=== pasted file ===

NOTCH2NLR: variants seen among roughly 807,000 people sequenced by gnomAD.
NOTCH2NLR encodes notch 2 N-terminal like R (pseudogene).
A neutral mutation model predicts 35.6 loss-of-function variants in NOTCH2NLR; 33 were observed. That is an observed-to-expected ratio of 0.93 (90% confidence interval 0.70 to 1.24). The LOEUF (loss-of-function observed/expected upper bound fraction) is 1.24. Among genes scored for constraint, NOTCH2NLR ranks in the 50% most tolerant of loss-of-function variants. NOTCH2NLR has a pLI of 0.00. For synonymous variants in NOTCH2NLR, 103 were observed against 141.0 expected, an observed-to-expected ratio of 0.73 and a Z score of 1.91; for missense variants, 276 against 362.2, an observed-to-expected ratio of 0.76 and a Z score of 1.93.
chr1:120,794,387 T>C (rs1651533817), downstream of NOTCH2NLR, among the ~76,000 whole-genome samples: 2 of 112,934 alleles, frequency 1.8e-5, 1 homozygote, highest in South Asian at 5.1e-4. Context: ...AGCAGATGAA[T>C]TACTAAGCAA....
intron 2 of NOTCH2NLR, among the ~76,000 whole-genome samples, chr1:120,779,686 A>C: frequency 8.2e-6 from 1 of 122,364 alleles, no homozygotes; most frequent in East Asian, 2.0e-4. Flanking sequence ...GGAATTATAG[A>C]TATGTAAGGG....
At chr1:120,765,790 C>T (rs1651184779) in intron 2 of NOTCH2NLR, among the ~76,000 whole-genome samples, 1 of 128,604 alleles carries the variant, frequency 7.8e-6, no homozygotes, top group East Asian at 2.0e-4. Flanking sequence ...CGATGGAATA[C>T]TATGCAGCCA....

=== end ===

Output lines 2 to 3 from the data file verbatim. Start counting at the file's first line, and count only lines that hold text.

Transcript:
NOTCH2NLR encodes notch 2 N-terminal like R (pseudogene).
A neutral mutation model predicts 35.6 loss-of-function variants in NOTCH2NLR; 33 were observed. That is an observed-to-expected ratio of 0.93 (90% confidence interval 0.70 to 1.24). The LOEUF (loss-of-function observed/expected upper bound fraction) is 1.24. Among genes scored for constraint, NOTCH2NLR ranks in the 50% most tolerant of loss-of-function variants. NOTCH2NLR has a pLI of 0.00. For synonymous variants in NOTCH2NLR, 103 were observed against 141.0 expected, an observed-to-expected ratio of 0.73 and a Z score of 1.91; for missense variants, 276 against 362.2, an observed-to-expected ratio of 0.76 and a Z score of 1.93.